Book of the week: Ms. Marvel #4
In under four months, this new incarnation of "Ms. Marvel" has continued to become more and more historic a series for Marvel Comics with each passing week. When it began, it was historic as not only the first ongoing series from Marvel to feature a Muslim-American lead, but also the first ongoing spin-off series for an established super-heroine who was still in print. As Kelly Sue DeConnick's run on "Captain Marvel" was setting up a relaunch to boost sales for her long term run, G. Willow Wilson has spearheaded this very innovative look at a new type of heroine for the new century alongside top notch art by Adrian Alphona and exceptional colors by Ian Herring. Its' debut took the media by storm and it swiftly became one of digital comic distributor ComiXology's best sellers worldwide. Once sales figures for April came in, however, this series became even more distinctive due to the fact that it was now the first spin-off series to an established super-heroine that was outselling its' "parent" title. Carol Danvers' series, whether as "Captain Marvel" or "Ms. Marvel", has struggled to sell above 28,000 copies since at least 2009. As of issue three, the new "Ms. Marvel" starring Kamala Khan was selling over 37,000 copies, having quickly stabilized from a debut of roughly 50,000 copies.
How has this happened? This is mainly due to Wilson, Alphona, and Herring are constructing a very unique new heroine for a rising generation of fans who seem to be clamoring for something new in a sea of forty, fifty, sixty, and seventy year old franchises. Adrian Alphona's influence is no coincidence, as he found himself as co-creator and lead artist on a similar new series in 2002, "Runaways" (alongside Brian K. Vaughan). Although Kamala's religious orientation garnered the biggest hoopla to the media (especially the right wing of it), in practice that is merely one layer to her narrative of navigating a strange and wonderful city while gaining the sort of strange super-powers that other well known superheroes have. In essence, the new "Ms. Marvel" works because it is a retelling of the classic "Marvel Comics narrative" of an unlikely person gaining unlikely powers and having to navigate a very realistic world to figure out what to do with them.
Kamala's the very American, very New York centered daughter of a Muslim-American family whose faith ranges from deeply devoted (her elder brother) to moderate (her workhorse father). She has a friend in Bruno (who has a crush on her) as well as a peer in the snobby Zoe as well as a deep love for superheroes - in particular, Captain Marvel. When strange mists (left over from the "Infinity" crossover event) wash over her after a party and bestow super powers, Kamala's quest to figure out who she wants to be becomes more complicated with the power to literally become anything she wants to be. After saving Zoe and some friends after the party, she has since gone on to assume Captain Marvel's form and thrust herself into crime-fighting by saving Bruno from a robber during his shift at the local grocery store. Unfortunately, things aren't as simple as they were in the Silver Age as the robber turns out to be Bruno's desperate brother Vick, and Kamala gets shot. Undaunted, Kamala figures out more about her new shape-shifting powers as she tracks Vick down to a dive in Greenville which is apparently the strong hold of a motley crew of criminals, "the Inventor".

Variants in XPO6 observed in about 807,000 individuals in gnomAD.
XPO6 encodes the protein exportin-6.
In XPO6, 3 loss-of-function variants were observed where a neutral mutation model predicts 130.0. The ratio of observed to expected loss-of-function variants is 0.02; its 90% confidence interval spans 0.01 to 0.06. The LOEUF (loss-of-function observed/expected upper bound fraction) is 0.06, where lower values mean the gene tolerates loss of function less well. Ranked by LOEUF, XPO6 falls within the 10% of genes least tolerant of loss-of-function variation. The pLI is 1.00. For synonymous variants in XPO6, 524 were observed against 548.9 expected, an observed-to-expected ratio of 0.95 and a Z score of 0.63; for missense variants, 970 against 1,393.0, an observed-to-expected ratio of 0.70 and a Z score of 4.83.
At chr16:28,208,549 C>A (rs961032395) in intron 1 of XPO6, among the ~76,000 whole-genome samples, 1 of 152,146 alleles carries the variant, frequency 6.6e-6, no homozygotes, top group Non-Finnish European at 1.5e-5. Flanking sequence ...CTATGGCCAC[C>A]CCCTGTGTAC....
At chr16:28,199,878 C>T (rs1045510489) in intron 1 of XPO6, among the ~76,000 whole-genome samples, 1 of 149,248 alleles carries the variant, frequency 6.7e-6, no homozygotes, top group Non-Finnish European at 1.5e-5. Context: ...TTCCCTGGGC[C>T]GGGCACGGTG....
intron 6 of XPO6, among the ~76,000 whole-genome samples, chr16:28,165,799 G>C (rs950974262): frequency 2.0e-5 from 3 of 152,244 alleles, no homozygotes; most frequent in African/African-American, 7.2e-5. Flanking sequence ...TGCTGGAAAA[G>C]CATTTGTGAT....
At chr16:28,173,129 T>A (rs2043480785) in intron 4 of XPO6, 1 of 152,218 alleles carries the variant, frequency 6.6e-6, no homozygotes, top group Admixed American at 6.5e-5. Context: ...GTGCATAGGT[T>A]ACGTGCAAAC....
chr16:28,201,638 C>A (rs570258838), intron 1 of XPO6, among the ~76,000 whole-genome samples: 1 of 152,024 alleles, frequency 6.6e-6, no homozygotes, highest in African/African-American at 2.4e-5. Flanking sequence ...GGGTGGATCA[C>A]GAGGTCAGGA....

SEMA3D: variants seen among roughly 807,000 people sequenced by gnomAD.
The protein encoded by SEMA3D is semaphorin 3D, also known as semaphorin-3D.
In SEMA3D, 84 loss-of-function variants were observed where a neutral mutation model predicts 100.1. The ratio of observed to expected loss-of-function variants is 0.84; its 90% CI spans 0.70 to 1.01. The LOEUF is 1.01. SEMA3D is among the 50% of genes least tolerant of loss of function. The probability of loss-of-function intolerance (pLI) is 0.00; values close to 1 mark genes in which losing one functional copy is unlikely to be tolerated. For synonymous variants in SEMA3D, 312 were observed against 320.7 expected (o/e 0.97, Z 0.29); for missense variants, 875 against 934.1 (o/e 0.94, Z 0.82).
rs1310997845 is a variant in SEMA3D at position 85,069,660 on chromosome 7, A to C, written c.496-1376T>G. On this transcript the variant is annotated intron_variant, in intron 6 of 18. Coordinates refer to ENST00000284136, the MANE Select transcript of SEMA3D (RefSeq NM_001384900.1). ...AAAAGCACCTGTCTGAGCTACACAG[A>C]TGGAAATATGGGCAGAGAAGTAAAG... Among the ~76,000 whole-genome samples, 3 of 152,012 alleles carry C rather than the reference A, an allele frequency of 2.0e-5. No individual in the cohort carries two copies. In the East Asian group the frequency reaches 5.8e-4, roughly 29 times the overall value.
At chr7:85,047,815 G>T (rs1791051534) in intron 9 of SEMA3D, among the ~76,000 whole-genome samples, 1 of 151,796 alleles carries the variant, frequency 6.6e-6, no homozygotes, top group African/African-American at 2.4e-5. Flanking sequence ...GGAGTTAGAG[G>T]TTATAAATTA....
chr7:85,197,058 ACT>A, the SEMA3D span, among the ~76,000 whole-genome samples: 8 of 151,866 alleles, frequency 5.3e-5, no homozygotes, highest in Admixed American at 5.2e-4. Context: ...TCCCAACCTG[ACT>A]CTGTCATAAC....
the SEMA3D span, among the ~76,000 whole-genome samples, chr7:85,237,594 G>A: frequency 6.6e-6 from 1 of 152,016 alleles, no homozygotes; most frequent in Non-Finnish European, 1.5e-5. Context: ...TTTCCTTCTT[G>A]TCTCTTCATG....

As with every issue, the art and colors by Alphona and Herring are a delight, and are as much a part of the series as Wilson's writing. Alphona is skilled at crafting character designs of figures who resemble real people instead of idealized super models. Even when he draws established super heroes like "Captain Marvel", his art isn't loaded with the odd poses and proportions which would offend anyone. Although some panels may show some rush, Alphona's work always has a blend of simplicity and detail, whether it is a quiet scene at a deli or a foreboding scene with attack robots. Kamala finally seems to be shifting towards who she'll become on the covers, with her own costume and embracing her own identity. Wilson's voice for her character is very strong, capturing a lot of the spirit of the curiosity and angst of being a teenager, and a scene between Kamala and Bruno after the robbery is very strong.